Vancouver is now the only city in North America with a safe injection site for drug users, but if some activists and public health officials have their way, San Francisco could be next. The city Public Health Department held an all-day symposium on the topic Thursday, and while public officials are keeping their distance, the symposium could be the first step in a push to bring the harm reduction measure to the US.
Currently, safe injection sites are operating in some 65 cities in eight countries -- mostly in Europe, but also in Australia and Canada. Such sites have been shown to reduce overdoses, needle sharing and the spread of blood-borne diseases like HIV/AIDS and Hepatitis C, as well as petty crime and other social problems. They have also been shown to entice some clients into drug treatment without increasing overall drug use.
In San Francisco, drug overdoses are one of the leading causes of death and Hepatitis C is reaching epidemic levels, according to public health officials. The Public Health Department says it is not taking a position on safe injection sites, but merely wants to open a dialog on the topic.
"All we want to do is get input," the department's Grant Coffax told KGO News. "The department's goal is to get addicts, drug users, into treatment, to get them into treatment to reduce their harm, to get them ultimately to stop using," he said.
Still, the department sounds quite interested in the idea. "There are data that support the approach in terms of reducing overdoses and actually reducing discarded needles around the perimeter of these sites," Coffax pointed out.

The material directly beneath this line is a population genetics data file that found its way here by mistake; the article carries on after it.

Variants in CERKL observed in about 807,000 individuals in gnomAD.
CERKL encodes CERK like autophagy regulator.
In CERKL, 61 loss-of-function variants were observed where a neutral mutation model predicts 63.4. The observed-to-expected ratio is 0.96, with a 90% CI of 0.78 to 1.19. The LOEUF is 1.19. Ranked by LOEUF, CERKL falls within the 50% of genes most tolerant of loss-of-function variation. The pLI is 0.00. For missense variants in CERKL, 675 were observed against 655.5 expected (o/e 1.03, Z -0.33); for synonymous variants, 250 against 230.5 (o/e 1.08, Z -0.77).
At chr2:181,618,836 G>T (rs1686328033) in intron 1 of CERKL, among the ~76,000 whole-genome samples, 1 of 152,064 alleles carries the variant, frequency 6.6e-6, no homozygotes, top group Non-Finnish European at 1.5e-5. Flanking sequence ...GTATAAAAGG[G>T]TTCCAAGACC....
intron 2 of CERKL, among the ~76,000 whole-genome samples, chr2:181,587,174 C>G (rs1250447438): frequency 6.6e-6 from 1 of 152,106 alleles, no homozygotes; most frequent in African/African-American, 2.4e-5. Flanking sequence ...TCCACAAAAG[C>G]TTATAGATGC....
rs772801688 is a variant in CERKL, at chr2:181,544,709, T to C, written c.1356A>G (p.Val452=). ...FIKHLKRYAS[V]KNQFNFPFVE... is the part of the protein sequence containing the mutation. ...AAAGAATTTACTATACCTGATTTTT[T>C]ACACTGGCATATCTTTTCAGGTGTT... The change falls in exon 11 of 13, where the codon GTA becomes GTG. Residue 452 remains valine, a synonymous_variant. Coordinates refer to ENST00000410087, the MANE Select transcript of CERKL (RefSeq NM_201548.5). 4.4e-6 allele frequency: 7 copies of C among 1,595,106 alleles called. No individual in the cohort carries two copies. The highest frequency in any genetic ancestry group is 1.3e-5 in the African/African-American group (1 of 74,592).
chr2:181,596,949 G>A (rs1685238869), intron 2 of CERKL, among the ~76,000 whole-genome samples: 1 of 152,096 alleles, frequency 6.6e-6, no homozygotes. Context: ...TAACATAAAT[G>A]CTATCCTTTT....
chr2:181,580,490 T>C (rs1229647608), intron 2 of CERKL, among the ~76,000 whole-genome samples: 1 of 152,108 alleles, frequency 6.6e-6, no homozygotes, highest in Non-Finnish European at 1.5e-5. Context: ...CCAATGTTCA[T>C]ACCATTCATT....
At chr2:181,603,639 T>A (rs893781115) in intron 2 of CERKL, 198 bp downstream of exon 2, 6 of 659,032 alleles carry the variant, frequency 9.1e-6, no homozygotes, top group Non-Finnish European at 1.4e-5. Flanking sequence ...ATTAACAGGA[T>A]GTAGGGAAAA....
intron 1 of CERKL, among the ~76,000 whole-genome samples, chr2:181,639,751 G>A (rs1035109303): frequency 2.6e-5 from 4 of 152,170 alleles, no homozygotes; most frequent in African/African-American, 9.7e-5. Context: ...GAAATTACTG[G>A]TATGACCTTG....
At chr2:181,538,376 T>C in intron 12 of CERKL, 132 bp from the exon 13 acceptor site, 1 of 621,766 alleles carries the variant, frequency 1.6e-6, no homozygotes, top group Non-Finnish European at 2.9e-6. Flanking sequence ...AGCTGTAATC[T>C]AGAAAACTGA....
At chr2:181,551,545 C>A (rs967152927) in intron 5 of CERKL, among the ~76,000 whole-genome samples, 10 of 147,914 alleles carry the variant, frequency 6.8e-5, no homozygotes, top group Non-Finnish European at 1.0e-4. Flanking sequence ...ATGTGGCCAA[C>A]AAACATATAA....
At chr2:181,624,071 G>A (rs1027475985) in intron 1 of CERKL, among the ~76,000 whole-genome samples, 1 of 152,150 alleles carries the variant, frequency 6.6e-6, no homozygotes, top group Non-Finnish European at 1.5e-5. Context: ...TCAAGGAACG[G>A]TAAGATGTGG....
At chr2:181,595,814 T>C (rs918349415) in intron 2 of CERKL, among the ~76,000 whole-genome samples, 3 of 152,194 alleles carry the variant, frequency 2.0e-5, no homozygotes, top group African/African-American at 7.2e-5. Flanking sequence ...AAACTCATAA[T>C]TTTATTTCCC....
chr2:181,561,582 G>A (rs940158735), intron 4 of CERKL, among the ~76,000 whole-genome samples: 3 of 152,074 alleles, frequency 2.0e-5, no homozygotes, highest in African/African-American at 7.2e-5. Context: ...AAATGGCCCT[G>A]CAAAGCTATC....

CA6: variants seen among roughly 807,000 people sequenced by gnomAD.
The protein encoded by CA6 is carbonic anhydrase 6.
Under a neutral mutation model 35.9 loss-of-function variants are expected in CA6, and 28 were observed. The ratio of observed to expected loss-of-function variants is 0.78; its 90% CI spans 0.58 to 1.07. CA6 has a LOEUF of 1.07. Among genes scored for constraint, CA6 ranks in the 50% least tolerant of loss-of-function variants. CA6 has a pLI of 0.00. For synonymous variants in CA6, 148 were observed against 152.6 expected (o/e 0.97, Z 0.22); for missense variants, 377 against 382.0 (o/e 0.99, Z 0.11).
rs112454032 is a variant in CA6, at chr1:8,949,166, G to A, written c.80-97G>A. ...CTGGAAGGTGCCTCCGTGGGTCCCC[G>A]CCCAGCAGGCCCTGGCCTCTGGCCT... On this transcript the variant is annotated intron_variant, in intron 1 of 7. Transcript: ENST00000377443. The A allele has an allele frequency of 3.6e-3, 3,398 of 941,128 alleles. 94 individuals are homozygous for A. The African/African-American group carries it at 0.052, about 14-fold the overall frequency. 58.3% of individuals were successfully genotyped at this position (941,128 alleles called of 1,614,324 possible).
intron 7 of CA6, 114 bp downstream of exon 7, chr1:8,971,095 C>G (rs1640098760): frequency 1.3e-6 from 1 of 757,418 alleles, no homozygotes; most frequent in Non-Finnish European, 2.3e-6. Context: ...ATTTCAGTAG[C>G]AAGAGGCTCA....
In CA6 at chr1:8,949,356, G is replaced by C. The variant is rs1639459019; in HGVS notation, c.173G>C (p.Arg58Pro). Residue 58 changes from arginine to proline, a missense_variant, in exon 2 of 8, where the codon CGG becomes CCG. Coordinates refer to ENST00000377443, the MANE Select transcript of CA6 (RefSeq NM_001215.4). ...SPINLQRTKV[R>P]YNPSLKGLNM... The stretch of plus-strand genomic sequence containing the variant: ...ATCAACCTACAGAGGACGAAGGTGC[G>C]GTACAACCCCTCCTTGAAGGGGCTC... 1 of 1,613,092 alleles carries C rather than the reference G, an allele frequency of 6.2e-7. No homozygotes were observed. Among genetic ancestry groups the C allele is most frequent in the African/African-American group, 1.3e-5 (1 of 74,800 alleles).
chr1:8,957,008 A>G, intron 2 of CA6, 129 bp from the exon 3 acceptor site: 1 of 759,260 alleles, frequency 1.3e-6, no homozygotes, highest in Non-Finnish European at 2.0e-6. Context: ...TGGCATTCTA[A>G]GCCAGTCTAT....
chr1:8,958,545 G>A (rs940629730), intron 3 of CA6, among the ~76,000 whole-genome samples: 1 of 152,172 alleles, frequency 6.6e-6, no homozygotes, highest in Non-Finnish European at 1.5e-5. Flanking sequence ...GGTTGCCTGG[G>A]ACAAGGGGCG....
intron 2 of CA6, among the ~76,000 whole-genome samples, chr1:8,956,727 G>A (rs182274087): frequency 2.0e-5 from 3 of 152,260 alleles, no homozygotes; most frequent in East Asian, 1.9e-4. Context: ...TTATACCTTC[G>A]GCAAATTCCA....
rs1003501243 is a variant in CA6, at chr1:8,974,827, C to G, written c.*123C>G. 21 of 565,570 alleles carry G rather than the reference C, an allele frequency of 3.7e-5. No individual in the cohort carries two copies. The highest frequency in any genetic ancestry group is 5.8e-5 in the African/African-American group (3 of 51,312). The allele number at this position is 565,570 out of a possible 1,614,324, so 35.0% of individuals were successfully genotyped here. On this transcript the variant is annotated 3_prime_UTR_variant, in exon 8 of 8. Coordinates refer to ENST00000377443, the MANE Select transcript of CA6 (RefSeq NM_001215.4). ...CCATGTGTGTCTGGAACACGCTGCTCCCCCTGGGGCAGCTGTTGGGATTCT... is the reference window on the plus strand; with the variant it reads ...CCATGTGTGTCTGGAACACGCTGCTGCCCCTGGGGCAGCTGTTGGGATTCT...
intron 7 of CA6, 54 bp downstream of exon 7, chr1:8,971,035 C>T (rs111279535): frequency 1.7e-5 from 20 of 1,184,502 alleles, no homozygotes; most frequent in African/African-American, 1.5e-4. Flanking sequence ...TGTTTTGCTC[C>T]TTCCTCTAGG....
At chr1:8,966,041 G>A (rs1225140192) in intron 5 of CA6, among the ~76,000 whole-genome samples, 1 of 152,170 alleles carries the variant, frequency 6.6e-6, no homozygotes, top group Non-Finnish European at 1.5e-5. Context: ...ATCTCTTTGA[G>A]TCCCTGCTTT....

San Francisco police are less enthused. "You would still have those people that are selling narcotics on the streets of San Francisco, that so often turn into violent confrontations, still being able to do that and facilitating that," said Deputy Police Chief Morris Tabak. As is so often the case with law enforcement officials, Tabak failed to note that the problems he described are a result of drug prohibition, not any quality inherent in the drugs or drug users themselves, or that the city already has to contend with street sales of those drugs now.
And the mayor's office is not exactly clamoring to get onboard with the idea, either. "The mayor is not inclined to support this approach, which quite frankly may end up creating more problems than it addresses, " spokesman Nathan Ballard told San Francisco Chronicle columnist C.W. Nevius, who has been writing about the topic for the past couple of months.
That's no surprise to activists like Hilary McQuie, Western director of the Harm Reduction Coalition. "Down the road there will be a lot of strong feelings," she said. "It's a big topic, and we hope to start a conversation."
That conversation officially got underway yesterday, too late for details to make the Chronicle this week. Look for an update next week.